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World J Gastroenterol. 2014 May 28;20(20):6236-43. doi: 10.3748/wjg.v20.i20.6236.

Role of hepatitis B virus DNA integration in human hepatocarcinogenesis.

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Hoang Hai, Akihiro Tamori, Norifumi Kawada, Department of Hepatology, Osaka City University Graduate School of Medicine, Osaka 5458585, Japan.


Liver cancer ranks sixth in cancer incidence, and is the third leading cause of cancer-related deaths worldwide. Hepatocellular carcinoma (HCC) is the most common type of liver cancer, which arises from hepatocytes and accounts for approximately 70%-85% of cases. Hepatitis B virus (HBV) frequently causes liver inflammation, hepatic damage and subsequent cirrhosis. Integrated viral DNA is found in 85%-90% of HBV-related HCCs. Its presence in tumors from non-cirrhotic livers of children or young adults further supports the role of viral DNA integration in hepatocarcinogenesis. Integration of subgenomic HBV DNA fragments into different locations within the host DNA is a significant feature of chronic HBV infection. Integration has two potential consequences: (1) the host genome becomes altered ("cis" effect); and (2) the HBV genome becomes altered ("trans" effect). The cis effect includes insertional mutagenesis, which can potentially disrupt host gene function or alter host gene regulation. Tumor progression is frequently associated with rearrangement and partial gain or loss of both viral and host sequences. However, the role of integrated HBV DNA in hepatocarcinogenesis remains controversial. Modern technology has provided a new paradigm to further our understanding of disease mechanisms. This review summarizes the role of HBV DNA integration in human carcinogenesis.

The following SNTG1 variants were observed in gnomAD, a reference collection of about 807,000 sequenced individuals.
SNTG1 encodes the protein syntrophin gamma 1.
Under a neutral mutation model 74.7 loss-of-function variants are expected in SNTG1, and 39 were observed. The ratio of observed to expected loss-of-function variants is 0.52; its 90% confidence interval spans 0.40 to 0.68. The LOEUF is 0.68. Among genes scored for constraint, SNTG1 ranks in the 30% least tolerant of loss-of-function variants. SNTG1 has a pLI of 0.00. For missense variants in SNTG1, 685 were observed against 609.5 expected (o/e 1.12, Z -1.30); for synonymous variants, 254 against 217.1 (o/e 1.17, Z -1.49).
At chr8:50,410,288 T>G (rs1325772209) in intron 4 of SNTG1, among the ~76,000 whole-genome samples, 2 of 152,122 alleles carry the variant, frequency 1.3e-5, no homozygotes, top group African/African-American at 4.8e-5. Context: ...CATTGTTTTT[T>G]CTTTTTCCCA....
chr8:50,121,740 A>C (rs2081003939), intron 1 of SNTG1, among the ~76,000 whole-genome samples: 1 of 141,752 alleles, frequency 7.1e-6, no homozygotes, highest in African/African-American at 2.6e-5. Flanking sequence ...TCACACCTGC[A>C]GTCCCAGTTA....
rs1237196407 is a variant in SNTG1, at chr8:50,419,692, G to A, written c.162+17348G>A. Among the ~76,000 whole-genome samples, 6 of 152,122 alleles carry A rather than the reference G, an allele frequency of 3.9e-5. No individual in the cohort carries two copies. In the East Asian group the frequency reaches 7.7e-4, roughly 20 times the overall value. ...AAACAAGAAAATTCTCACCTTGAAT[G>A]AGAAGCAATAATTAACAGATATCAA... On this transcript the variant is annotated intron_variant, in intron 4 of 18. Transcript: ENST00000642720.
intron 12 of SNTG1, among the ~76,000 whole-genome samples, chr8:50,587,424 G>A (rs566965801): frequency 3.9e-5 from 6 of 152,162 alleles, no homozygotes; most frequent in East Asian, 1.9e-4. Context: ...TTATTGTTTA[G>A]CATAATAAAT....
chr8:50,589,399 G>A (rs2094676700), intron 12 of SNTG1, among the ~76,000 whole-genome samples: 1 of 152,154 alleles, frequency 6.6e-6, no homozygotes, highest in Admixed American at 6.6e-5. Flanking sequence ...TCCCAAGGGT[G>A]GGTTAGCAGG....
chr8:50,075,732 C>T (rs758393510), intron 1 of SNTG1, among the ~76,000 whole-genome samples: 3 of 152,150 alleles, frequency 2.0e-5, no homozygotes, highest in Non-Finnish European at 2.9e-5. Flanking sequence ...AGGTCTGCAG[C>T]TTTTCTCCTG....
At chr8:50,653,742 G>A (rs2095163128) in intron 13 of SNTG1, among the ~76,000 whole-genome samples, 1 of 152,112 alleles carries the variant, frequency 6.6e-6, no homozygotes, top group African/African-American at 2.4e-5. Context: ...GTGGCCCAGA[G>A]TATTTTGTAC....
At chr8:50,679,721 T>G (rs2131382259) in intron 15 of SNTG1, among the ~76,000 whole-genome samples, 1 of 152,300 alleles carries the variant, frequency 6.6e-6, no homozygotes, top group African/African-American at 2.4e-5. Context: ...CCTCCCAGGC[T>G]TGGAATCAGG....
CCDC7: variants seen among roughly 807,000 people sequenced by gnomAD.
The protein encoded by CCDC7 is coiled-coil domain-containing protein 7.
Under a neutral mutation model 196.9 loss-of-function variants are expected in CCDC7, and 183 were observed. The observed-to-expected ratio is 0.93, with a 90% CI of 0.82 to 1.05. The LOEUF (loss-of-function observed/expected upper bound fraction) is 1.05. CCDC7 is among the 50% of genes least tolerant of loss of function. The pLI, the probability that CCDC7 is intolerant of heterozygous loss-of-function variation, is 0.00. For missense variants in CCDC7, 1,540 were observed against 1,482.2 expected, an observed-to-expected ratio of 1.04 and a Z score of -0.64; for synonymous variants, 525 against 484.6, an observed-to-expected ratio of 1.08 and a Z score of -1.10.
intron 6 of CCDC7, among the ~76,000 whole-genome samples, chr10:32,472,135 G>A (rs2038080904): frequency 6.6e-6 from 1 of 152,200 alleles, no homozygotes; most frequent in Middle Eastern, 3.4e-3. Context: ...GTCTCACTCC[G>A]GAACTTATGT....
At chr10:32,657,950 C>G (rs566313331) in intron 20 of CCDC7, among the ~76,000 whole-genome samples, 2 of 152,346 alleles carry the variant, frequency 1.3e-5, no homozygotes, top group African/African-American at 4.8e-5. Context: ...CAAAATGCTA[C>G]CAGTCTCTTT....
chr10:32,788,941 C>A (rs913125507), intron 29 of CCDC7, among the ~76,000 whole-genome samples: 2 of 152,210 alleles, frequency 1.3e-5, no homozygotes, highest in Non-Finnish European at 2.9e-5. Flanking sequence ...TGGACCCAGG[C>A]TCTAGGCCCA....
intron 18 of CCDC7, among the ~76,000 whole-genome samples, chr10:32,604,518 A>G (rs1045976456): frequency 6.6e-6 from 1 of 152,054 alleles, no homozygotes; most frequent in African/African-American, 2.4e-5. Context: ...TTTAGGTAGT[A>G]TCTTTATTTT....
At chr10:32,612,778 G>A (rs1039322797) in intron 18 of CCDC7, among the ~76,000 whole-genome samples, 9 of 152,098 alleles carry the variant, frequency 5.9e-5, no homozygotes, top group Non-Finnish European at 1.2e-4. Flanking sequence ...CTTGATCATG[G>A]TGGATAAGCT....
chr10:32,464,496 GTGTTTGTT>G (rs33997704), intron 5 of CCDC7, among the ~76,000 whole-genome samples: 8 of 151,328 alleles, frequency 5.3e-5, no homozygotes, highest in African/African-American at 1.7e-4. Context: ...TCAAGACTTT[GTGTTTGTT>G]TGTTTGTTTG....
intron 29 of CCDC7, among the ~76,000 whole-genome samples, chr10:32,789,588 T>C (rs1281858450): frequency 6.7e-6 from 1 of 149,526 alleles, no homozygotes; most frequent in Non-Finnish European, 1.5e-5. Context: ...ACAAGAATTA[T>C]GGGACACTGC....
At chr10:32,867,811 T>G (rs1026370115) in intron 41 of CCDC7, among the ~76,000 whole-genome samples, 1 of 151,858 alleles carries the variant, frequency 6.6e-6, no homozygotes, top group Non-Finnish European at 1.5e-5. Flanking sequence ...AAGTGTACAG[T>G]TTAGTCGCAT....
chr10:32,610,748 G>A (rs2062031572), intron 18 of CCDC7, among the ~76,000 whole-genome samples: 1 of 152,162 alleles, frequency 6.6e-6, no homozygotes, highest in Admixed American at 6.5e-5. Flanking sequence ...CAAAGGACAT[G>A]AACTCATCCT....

Cis effect; Hepatitis B virus; Hepatocarcinogenesis; Integration; Trans effect; Whole genome sequencing

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